I’m reading the Arden Shakespeare version of Hamlet, edited by Harold Jenkins. Harold Jenkins’ Introduction had a LOT of information, and I highly recommend it to someone who’s serious about reading this play. Jenkins started by discussing the date of original release. Apparently there is some controversy among scholars about when the play first came out. There’s about 2-3 years wiggle room of uncertainty. Apparently, this is an important question since there is a play that was released around the same time called Antonio’s Revenge. Either Hamlet or Antonio’s Revenge was plagiarized. We’re talking the plot, the circumstances, and some of the dialog–all copied. Jenkins comes to the conclusion from his three-paged discussion about dates that Hamlet was released first. Originally, it was generally accepted that Antonio’s Revenge was released first and that it was used as “source material” for Hamlet. I wasn’t entirely convinced by Jenkins’ argument, and am not certain whether most scholars today agree with him or accept the original conclusions that Hamlet was the later play (though I suspect the former). After so much time has passed, and considering that plagiarism wasn’t as big a deal in the 16th century as it is now, I hesitate to give Shakespeare all the credit simply because he’s Shakespeare. However, Jenkins did provide one argument that I found convincing. Shakespeare was basing his play on a well-known Danish tale. He shouldn’t have had any use for an unrelated secondary source like Antonio’s Revenge. On the other hand, Marston would have been searching for ideas for a sequel to his earlier play, Antonio and Mellida, and would have had more need for source material.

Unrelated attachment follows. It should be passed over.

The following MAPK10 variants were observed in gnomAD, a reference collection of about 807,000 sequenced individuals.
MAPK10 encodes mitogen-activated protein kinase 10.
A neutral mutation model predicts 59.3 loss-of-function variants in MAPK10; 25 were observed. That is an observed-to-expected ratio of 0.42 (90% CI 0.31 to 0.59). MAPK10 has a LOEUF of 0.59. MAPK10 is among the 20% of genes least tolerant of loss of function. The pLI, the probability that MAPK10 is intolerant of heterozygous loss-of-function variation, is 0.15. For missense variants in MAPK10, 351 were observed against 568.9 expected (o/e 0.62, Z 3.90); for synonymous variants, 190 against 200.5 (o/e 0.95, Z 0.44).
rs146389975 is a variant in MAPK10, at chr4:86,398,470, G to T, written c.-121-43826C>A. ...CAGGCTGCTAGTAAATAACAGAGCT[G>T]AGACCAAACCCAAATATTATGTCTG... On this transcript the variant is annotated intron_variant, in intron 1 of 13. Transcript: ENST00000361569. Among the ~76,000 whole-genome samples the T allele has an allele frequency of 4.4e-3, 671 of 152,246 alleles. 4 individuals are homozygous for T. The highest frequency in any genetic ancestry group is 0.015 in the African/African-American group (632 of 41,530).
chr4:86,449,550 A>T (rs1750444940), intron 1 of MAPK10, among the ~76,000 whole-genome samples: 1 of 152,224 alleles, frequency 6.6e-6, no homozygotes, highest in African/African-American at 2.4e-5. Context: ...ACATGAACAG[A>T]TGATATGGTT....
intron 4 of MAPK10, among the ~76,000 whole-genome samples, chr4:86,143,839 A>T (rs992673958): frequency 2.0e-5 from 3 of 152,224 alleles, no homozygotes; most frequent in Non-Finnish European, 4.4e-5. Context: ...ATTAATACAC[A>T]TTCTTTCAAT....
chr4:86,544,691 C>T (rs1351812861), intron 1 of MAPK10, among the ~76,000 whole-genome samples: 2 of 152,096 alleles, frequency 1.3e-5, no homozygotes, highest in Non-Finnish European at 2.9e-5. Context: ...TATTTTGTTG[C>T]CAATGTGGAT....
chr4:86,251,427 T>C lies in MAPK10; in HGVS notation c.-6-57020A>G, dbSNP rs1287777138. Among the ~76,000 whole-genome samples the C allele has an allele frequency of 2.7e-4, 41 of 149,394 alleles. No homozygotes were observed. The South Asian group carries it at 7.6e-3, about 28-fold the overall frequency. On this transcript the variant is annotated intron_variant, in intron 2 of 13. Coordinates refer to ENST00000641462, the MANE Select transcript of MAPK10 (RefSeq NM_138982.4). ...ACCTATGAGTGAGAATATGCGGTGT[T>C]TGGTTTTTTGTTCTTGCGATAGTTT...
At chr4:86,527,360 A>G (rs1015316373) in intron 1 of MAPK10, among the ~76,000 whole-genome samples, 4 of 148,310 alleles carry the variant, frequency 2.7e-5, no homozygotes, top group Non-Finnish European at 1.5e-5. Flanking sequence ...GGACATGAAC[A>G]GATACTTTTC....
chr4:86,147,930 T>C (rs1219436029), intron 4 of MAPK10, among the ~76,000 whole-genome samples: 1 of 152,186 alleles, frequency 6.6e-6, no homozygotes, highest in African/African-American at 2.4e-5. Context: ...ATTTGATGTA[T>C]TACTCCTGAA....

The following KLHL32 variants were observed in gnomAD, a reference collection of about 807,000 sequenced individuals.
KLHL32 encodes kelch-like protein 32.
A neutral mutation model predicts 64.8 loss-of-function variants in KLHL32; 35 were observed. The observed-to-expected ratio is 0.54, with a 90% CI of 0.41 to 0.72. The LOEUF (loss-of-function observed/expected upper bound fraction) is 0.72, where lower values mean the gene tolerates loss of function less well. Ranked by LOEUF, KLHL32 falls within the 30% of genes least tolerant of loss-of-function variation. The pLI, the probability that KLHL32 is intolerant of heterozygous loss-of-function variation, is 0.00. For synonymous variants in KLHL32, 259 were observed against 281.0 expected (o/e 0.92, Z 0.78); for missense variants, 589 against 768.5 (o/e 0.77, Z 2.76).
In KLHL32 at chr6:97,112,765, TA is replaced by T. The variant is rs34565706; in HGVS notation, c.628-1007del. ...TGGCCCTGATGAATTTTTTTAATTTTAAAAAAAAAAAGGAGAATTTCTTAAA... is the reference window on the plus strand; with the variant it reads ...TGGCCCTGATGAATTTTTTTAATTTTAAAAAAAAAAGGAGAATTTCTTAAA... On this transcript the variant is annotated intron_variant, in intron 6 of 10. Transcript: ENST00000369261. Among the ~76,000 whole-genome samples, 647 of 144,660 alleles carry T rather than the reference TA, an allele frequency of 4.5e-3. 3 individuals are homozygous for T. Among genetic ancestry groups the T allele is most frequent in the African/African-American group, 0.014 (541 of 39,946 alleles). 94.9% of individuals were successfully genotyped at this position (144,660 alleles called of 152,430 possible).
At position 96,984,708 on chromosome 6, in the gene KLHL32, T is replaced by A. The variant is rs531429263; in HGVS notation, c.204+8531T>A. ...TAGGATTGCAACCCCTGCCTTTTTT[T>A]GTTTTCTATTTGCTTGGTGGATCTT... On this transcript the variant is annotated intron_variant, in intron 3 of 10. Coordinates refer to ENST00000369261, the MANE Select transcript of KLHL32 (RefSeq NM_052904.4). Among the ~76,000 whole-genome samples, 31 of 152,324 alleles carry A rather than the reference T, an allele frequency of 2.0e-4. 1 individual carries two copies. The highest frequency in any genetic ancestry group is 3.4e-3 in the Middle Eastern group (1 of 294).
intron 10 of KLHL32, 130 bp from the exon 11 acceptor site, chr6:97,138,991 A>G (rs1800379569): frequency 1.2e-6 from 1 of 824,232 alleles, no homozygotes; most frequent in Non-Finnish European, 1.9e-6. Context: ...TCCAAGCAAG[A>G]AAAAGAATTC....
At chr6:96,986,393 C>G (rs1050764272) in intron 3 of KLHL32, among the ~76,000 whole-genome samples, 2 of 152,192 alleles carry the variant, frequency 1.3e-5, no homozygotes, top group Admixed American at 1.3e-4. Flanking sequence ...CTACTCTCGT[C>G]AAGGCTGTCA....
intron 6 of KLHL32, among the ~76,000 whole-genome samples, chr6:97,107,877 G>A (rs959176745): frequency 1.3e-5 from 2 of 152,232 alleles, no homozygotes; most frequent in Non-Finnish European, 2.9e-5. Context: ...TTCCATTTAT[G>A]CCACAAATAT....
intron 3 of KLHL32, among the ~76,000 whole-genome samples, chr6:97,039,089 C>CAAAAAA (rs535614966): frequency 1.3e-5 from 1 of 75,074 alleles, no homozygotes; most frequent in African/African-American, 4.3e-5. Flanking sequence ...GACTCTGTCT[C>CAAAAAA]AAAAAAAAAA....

Jenkins then spends a good deal of space discussing the publication of Hamlet and the differences between existing manuscripts. I skipped that section, but it certainly contained a good deal of information that a serious scholar would find interesting.
The sources of Shakespeare’s Hamlet are then discussed. Apparently, it is generally accepted that the major source of Shakespeare’s Hamlet was a contemporary play dubbed by today’s scholars as Ur-Hamlet. This play was never printed, so we can’t compare it to Shakespeare’s work, but Shakespeare would certainly have been familiar with the play since it was put out by his own company. The story that we now call Hamlet was first published in Saxo’s Historiae Danicae, written at the end of the twelfth century and published in 1514. The story was then retold by the Frenchman Belleforest–translations (or the original French version) were probably what the author of Ur-Hamlet used when writing his play. It is clear that Belleforest was the source material, rather than Saxo’s original work, because that Belleforest introduced some dramatic elements to the story which were present in Hamlet. For instance, the adultery of Amleth’s mother was Belleforest’s idea. Although it is clear that Belleforest is the source of Hamlet, it is unclear whether Shakespeare read Belleforest himself, or simply inherited the allusions from Ur-Hamlet.
There were, of course, elements in Hamlet that were not evident in Belleforest’s work. For instance, the complexity of Hamlet’s character was Shakespeare’s doing. Also, the ghost of Hamlet’s father is only hinted at in Belleforest. During the revenge scene in his tale, Belleforest made passing reference to the shade of Amleth’s father–that it may now rest in peace. The leap between a metaphorical shade and a full-fledged haunting was made somewhere between Belleforest and Shakespeare. Jenkins’ introduction contains a lot more information about the little differences between Belleforest and Shakespeare with some speculation about Ur-Hamlet, but I’ll leave all of that unsummarized so you have a reason to read the Introduction yourself. 😉